Q: And what if a player forgets to transform Conqueror’s Galleon?
A: Triggered abilities that do nothing except create delayed triggered abilities automatically resolve without requiring acknowledgment [IPG 2.1]. Therefore, the “when this attacks” triggered ability can never be missed. The trigger that is missed is the subsequent “at end of combat, exile this” triggered ability. This triggered ability is not generally considered detrimental, so there is no Warning for the controller of Conqueror’s Galleon. For the fix, this is a delayed triggered ability that changes the zone of a specific object defined when the ability was created. This means it falls into one of the three categories of triggered abilities that do not expire and are always resolved after they are discovered, no matter how much time has passed. The opponent of the player who missed this trigger will choose whether this happens immediately or at the beginning of the next phase.
Note: Because the game significance of this triggered ability is not clear cut, it might be the case that a player notices his opponent forget to transform Conqueror’s Galleon and says nothing, either because the back half might be more valuable in that game state or in the hopes of bringing it up for greater advantage later (for example, after its controller taps some creatures to activate the crew ability). In either case, this tactic is entirely legal, albeit comfortably outside the spirit of the game. Declining to call attention to an opponent’s triggered ability is never considered Failure to Maintain Game State or Cheating [IPG 2.6]. There’s nothing in policy to support the idea that a player is bound to this choice and unable to change his mind later on, either. Judges should not intervene in a Missed Trigger situation unless they intend to issue a Warning or have reason to suspect that a player is intentionally missing his or her own triggered abilities [IPG 2.1]. Neither of these is the case here, so if you’re a judge and see this happen in a game, you should not stop play or call attention to it.
Q: Amy plays Sorcerous Spyglass, but she forgets to look at her opponent’s hand or choose a card name. Next turn, before Nicole draws, the players realize the error and call a judge. What do you do?
A: This is a Game Rule Violation for failing to follow a card instruction. Because it wasn’t caught in a reasonable amount of time, Nicole gets a Failure to Maintain Game State. The fix is interesting because making no choice for a static ability generating a continuous effect still on the battlefield is a case where a partial fix is applicable. On the other hand, Sorcerous Spyglass has an additional effect that is part of its enters the battlefield ability, which means that this does not exactly match the conditions required for the partial fix. Two fixes seem reasonable: either leaving the game state as is with no card named for Sorcerous Spyglass or having Amy name a card now, but not get to look at Nicole’s hand. Doing either of these was endorsed as the Official answer in this forum thread. Resolving the entire Sorcerous Spyglass ability (having Amy look at Nicole’s hand and then name a card) is not advisable because Amy not knowing what’s in Nicole’s hand is not a problem with the current game state. More details and discussion of this fix can be found in the linked thread.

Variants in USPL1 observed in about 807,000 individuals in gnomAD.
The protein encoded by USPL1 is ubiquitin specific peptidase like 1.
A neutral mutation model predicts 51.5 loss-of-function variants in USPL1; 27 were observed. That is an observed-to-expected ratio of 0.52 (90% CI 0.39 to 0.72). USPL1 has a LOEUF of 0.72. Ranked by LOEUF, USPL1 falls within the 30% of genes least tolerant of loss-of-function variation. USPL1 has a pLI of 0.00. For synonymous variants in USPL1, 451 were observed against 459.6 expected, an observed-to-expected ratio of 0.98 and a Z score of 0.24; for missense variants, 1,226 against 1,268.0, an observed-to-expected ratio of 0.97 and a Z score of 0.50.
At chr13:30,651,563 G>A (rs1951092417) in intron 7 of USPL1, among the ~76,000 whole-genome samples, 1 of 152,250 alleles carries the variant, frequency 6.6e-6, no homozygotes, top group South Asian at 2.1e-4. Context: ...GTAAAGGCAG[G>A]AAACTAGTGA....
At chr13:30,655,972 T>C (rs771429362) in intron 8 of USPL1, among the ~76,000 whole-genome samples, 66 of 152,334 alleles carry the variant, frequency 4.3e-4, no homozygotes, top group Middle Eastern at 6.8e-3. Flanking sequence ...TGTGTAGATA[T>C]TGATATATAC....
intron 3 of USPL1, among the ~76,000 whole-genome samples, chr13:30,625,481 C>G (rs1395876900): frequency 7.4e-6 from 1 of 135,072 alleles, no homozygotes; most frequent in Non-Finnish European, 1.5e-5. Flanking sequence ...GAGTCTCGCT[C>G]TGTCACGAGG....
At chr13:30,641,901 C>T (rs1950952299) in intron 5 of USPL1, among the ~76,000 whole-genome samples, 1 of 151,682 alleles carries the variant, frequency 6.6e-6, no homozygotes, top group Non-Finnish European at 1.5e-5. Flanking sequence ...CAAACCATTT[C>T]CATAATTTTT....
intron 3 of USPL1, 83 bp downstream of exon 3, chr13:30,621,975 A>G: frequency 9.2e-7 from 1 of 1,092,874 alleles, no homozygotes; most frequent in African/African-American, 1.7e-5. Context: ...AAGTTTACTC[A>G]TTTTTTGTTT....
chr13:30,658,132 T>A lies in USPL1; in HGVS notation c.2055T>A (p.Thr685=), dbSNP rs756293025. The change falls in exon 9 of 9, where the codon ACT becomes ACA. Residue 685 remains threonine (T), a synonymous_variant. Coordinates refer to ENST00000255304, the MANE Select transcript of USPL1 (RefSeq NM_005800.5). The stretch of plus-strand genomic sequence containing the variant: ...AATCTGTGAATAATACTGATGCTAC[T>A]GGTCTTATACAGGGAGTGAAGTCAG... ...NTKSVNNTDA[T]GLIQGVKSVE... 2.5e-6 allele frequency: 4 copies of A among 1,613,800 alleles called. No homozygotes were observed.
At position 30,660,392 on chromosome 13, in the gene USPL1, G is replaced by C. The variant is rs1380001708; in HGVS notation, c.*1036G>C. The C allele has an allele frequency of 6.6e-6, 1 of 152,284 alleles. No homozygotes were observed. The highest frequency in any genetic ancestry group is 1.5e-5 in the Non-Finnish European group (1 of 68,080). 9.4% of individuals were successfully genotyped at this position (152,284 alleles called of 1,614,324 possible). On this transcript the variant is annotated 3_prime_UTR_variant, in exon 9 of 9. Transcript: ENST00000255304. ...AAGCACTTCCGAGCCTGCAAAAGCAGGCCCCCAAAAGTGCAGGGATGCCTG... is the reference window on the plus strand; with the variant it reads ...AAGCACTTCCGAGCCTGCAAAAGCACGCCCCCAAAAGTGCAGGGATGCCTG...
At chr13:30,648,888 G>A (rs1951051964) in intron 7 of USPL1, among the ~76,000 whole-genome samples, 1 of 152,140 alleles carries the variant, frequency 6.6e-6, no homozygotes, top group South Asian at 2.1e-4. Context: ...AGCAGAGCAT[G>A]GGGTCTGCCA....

Note: Because the looking and naming a card isn’t a triggered ability, both players share responsibility for making sure this ability happens. You should investigate to determine whether both players accidentally forgot about this and whether they knew that was against the rules.
Q: Amy plays Sanguine Sacrament, but forgets to put it on the bottom of her library as it resolves. What is the appropriate infraction, and fix?
A: Amy did not perform an instruction of her spell as it was resolving. This is a Game Rule Violation. Assuming that Sanguine Sacrament can be moved to the correct zone with minimal disruption to the game state, this situation fits into one of those for which a partial fix is available: an object is in the incorrect zone due to being put into the wrong zone during a zone change, and the identity of the object is known to all players. Put Sanguine Sacrament on the bottom of Amy’s library now.
Note: The partial fix is applicable regardless of how much time has passed since the error occurred. The only thing to decide is whether the game state will be minimally affected by applying the partial fix.
Note: If game decisions have been made involving Sanguine Sacrament or based on the it being in the graveyard, moving it can no longer be considered “minimally disruptive” to the game state. For example, if the players noticed this mistake after Amy tried to target Sanguine Sacrament with a Snapcaster Mage or after blocking with a Tarmogoyf (given that having Sanguine Sacrament in the graveyard might have impacted this decision), the partial fix is not supported by policy and a backup should be considered instead.